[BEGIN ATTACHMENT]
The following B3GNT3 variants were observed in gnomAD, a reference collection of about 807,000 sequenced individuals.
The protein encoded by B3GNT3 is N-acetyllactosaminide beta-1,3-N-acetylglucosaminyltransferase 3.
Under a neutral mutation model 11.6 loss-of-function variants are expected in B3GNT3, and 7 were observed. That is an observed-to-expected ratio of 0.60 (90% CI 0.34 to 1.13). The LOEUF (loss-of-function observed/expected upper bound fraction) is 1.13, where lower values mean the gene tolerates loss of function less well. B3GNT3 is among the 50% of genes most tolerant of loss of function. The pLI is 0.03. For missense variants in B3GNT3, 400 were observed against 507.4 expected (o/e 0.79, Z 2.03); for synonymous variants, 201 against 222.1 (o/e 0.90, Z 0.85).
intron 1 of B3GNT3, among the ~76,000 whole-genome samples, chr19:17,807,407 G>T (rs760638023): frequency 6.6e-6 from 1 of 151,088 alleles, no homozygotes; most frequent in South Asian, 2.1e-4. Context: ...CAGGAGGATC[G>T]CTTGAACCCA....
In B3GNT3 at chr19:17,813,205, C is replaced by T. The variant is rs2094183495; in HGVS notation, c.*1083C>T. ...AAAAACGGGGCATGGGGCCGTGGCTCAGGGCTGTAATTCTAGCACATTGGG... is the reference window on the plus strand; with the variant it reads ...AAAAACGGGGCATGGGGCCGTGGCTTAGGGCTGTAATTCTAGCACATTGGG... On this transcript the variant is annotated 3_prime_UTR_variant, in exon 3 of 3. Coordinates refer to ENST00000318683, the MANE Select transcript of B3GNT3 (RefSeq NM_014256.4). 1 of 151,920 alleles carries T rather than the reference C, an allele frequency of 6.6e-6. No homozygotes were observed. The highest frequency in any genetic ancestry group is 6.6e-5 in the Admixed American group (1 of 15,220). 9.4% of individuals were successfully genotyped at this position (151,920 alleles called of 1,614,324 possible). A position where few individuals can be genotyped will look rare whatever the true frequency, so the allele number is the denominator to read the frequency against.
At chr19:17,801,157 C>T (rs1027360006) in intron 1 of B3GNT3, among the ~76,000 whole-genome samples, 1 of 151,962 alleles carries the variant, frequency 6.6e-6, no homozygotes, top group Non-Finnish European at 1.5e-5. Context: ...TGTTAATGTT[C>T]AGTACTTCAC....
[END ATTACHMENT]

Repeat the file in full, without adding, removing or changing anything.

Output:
The following B3GNT3 variants were observed in gnomAD, a reference collection of about 807,000 sequenced individuals.
The protein encoded by B3GNT3 is N-acetyllactosaminide beta-1,3-N-acetylglucosaminyltransferase 3.
Under a neutral mutation model 11.6 loss-of-function variants are expected in B3GNT3, and 7 were observed. That is an observed-to-expected ratio of 0.60 (90% CI 0.34 to 1.13). The LOEUF (loss-of-function observed/expected upper bound fraction) is 1.13, where lower values mean the gene tolerates loss of function less well. B3GNT3 is among the 50% of genes most tolerant of loss of function. The pLI is 0.03. For missense variants in B3GNT3, 400 were observed against 507.4 expected (o/e 0.79, Z 2.03); for synonymous variants, 201 against 222.1 (o/e 0.90, Z 0.85).
intron 1 of B3GNT3, among the ~76,000 whole-genome samples, chr19:17,807,407 G>T (rs760638023): frequency 6.6e-6 from 1 of 151,088 alleles, no homozygotes; most frequent in South Asian, 2.1e-4. Context: ...CAGGAGGATC[G>T]CTTGAACCCA....
In B3GNT3 at chr19:17,813,205, C is replaced by T. The variant is rs2094183495; in HGVS notation, c.*1083C>T. ...AAAAACGGGGCATGGGGCCGTGGCTCAGGGCTGTAATTCTAGCACATTGGG... is the reference window on the plus strand; with the variant it reads ...AAAAACGGGGCATGGGGCCGTGGCTTAGGGCTGTAATTCTAGCACATTGGG... On this transcript the variant is annotated 3_prime_UTR_variant, in exon 3 of 3. Coordinates refer to ENST00000318683, the MANE Select transcript of B3GNT3 (RefSeq NM_014256.4). 1 of 151,920 alleles carries T rather than the reference C, an allele frequency of 6.6e-6. No homozygotes were observed. The highest frequency in any genetic ancestry group is 6.6e-5 in the Admixed American group (1 of 15,220). 9.4% of individuals were successfully genotyped at this position (151,920 alleles called of 1,614,324 possible). A position where few individuals can be genotyped will look rare whatever the true frequency, so the allele number is the denominator to read the frequency against.
At chr19:17,801,157 C>T (rs1027360006) in intron 1 of B3GNT3, among the ~76,000 whole-genome samples, 1 of 151,962 alleles carries the variant, frequency 6.6e-6, no homozygotes, top group Non-Finnish European at 1.5e-5. Context: ...TGTTAATGTT[C>T]AGTACTTCAC....